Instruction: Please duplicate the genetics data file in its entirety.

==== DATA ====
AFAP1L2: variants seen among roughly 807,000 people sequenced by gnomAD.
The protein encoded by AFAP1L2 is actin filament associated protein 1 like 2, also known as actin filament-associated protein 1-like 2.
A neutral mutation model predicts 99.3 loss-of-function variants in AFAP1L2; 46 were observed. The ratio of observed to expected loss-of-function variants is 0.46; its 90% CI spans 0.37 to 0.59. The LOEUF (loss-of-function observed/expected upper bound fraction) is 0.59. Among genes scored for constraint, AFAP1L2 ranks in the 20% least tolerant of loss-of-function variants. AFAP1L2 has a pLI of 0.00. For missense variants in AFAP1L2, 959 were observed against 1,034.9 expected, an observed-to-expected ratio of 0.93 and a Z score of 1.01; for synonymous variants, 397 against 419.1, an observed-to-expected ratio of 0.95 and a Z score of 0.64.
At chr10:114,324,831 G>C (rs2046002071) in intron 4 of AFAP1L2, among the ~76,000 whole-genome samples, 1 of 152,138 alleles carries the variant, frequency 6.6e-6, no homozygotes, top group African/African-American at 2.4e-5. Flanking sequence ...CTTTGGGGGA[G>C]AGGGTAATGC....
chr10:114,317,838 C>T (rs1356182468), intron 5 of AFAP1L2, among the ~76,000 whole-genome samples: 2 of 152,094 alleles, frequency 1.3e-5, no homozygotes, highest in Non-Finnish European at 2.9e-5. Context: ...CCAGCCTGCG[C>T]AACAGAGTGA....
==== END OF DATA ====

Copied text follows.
AFAP1L2: variants seen among roughly 807,000 people sequenced by gnomAD.
The protein encoded by AFAP1L2 is actin filament associated protein 1 like 2, also known as actin filament-associated protein 1-like 2.
A neutral mutation model predicts 99.3 loss-of-function variants in AFAP1L2; 46 were observed. The ratio of observed to expected loss-of-function variants is 0.46; its 90% CI spans 0.37 to 0.59. The LOEUF (loss-of-function observed/expected upper bound fraction) is 0.59. Among genes scored for constraint, AFAP1L2 ranks in the 20% least tolerant of loss-of-function variants. AFAP1L2 has a pLI of 0.00. For missense variants in AFAP1L2, 959 were observed against 1,034.9 expected, an observed-to-expected ratio of 0.93 and a Z score of 1.01; for synonymous variants, 397 against 419.1, an observed-to-expected ratio of 0.95 and a Z score of 0.64.
At chr10:114,324,831 G>C (rs2046002071) in intron 4 of AFAP1L2, among the ~76,000 whole-genome samples, 1 of 152,138 alleles carries the variant, frequency 6.6e-6, no homozygotes, top group African/African-American at 2.4e-5. Flanking sequence ...CTTTGGGGGA[G>C]AGGGTAATGC....
chr10:114,317,838 C>T (rs1356182468), intron 5 of AFAP1L2, among the ~76,000 whole-genome samples: 2 of 152,094 alleles, frequency 1.3e-5, no homozygotes, highest in Non-Finnish European at 2.9e-5. Context: ...CCAGCCTGCG[C>T]AACAGAGTGA....